OKLAHOMA CITY – The “Yes on 780 and 781” campaign, led by Oklahomans for Criminal Justice Reform, last week officially launched a TV advertising campaign that will feature four commercials slated to air throughout October and the first week of November. The TV spots underscore the need for reform and also profiles some of the real stories of families and communities adversely impacted by the justice system.
State Questions 780 and 781 – the pair of ballot initiatives which have generated support across the state from law enforcement, business leaders, faith leaders, and other prominent Oklahomans – would pursue what advocates describe as “a smarter approach to public safety by reducing the prison population, redirecting savings toward addressing the root causes of crime, and providing rehabilitation and treatment services to return people to productive lives in their communities.”
The first commercial aired last week and can be watched at www.YesOn780And781.org.
“We have seen a tremendous amount of support for criminal justice reform in Oklahoma and from all walks of life – from the faith community and the business community, to our law enforcement leaders and every day Oklahomans,” said Kris Steele, Chair of Oklahomans for Criminal Justice Reform. “We’re confident the TV spots will generate even more support – once Oklahomans see the real stories of how the justice system is impacting our families and communities, I know that voters will be voting yes on 780 and 781 come November.”
According to a press release from the campaign, the TV advertising campaign will continue to bring the conversation about the need for reform to Oklahomans across the state, building on the statewide education campaign efforts that have been underway for months.
In addition to hosting a series of town hall events, community conversations, debates, and tele-town halls, the “Yes on 780 and 781” campaign has been generating tremendous support among prominent Oklahomans including business leaders, faith leaders, law enforcement, elected officials, medical care professionals, and many others.
The release from the support campaign headquarters in Oklahoma City observed, “These supporters aren’t alone in their support, as polling has revealed a majority of Oklahoma voters are also on board. A joint SoonerPoll/Oklahoman survey conducted in August found that 75 percent of Oklahoma voters said they support State Question 780, and 71 percent of Oklahoma voters said they support State Question 781.
“These polls reinforce the findings of a strategy poll from earlier this year indicating that 77 percent of Oklahomans agree that someone who commits a low-level offense shouldn’t be saddled with a felony conviction that will follow them through life and prevent them from getting an education or a job, and 79 percent agree that instead of keeping these people behind bars, we should invest in programs that prevent crime and provide rehabilitation – the policies encompassed in State Questions 780 and 781.”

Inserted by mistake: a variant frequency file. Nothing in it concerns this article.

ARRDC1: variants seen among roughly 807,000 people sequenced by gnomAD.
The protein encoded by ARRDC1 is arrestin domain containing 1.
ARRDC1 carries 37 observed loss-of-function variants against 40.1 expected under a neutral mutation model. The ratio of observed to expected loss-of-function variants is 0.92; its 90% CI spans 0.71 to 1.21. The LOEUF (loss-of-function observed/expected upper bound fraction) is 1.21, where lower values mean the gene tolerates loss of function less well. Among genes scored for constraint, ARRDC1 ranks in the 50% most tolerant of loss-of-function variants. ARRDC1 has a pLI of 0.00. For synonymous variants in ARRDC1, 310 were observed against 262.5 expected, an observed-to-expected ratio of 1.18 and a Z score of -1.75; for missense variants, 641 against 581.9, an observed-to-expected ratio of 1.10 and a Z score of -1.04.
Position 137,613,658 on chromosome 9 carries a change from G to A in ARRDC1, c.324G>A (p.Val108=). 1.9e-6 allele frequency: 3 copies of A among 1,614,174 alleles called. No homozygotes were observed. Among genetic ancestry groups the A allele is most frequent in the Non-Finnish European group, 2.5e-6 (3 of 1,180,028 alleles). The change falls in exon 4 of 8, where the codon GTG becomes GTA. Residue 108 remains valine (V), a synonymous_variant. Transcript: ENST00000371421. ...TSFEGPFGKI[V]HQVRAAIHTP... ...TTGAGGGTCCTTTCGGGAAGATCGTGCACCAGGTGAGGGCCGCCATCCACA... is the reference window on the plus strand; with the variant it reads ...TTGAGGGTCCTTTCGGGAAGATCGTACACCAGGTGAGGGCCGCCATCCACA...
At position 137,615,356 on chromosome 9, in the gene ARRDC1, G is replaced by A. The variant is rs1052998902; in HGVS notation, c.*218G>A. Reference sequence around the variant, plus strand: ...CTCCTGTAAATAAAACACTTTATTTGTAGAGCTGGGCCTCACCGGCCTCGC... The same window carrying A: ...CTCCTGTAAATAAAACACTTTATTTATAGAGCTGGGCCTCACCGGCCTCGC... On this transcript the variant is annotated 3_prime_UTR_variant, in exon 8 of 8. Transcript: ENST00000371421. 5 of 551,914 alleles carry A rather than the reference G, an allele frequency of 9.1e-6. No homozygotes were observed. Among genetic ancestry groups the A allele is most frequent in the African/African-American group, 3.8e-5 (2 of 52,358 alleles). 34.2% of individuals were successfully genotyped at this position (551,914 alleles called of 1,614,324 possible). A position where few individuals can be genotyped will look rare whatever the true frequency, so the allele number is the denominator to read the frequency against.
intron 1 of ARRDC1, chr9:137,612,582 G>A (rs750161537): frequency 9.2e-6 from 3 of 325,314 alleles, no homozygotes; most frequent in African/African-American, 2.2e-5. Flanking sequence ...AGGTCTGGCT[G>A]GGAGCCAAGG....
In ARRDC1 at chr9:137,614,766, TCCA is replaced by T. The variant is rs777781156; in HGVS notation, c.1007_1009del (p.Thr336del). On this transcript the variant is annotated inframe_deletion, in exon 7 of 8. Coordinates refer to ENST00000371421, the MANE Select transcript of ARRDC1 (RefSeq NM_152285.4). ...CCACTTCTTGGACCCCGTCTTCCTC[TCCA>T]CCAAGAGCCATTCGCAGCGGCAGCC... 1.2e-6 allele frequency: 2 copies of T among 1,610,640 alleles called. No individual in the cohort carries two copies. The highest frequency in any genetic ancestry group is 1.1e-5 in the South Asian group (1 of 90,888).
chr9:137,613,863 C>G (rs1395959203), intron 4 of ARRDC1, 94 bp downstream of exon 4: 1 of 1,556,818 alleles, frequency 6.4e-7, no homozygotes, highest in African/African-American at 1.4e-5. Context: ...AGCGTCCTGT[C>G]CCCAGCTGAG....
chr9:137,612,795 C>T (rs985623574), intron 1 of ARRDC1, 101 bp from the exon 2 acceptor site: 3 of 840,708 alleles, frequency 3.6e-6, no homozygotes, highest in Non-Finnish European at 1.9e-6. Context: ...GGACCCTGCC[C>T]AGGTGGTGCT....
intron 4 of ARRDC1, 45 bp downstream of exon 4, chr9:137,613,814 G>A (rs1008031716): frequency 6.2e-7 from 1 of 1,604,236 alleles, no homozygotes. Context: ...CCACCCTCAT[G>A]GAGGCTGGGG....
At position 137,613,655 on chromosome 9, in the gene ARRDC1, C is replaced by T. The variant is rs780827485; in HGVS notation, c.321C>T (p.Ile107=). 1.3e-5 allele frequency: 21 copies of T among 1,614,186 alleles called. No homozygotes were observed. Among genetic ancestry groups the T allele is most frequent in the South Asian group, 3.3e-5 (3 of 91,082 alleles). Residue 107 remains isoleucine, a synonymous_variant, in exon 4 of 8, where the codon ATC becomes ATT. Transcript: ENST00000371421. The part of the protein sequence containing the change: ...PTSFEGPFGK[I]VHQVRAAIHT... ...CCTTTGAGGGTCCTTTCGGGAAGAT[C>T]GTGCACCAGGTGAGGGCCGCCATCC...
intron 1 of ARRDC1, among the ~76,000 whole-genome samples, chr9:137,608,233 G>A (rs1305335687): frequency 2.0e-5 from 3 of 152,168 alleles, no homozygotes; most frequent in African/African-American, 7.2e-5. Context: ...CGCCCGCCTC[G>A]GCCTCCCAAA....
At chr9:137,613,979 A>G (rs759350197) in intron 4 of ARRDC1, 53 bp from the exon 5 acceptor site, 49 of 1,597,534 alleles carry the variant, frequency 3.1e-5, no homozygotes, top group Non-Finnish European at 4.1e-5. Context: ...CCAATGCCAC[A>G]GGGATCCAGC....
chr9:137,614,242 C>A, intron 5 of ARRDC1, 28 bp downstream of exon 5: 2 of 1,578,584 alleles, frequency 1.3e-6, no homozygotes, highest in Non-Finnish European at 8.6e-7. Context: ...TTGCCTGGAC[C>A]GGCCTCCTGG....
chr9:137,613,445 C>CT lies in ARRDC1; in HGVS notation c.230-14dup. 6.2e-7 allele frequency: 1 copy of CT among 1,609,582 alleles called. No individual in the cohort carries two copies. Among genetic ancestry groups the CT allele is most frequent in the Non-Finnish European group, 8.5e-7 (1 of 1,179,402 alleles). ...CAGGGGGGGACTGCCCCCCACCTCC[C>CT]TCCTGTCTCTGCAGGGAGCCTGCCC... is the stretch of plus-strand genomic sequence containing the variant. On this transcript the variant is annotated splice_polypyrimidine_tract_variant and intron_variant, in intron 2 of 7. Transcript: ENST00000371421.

The Need for Reform
Oklahoma has the second-highest overall incarceration rate in the country and the highest incarceration rate for women, which costs taxpayers nearly $515 million annually and drains significant resources away from investments that can do more to provide necessary rehabilitation and training programs, and ultimately enhance public safety. As the state’s prison population continues growing – increasing by 12 percent between 2009 and 2014 – so does its price tag, which has increased by 172 percent in the past two decades.
State Questions 780 and 781
Through two ballot measures – Questions 780 and 781 – the coalition is working to pursue sentencing reforms for certain low-level offenses, which trigger cost savings to be invested in programs to treat drug addiction and mental health conditions and provide access to education and job training, which are more effective approaches to reducing crime and keeping communities safe.
According to a summary provided in the pro-780781 groups most recent release, State Question 780 “would reclassify certain low-level offenses, like drug possession and low-level property offenses, as misdemeanors instead of felonies. By reclassifying these offenses, Oklahoma is able to trigger cost savings from decreased corrections spending.
“Question 781 would then invest those cost savings into addressing the root causes of crime through rehabilitation programs to treat drug addiction and mental health conditions that often contribute to criminal behavior and go untreated in prison, and education and job training programs to help people find employment, and avoid going back to prison.
“Removing the felony conviction for individuals battling addiction and mental illness and redirecting costs savings back to counties for treatment services represent logical next steps toward building on and strengthening the reforms signed into law.”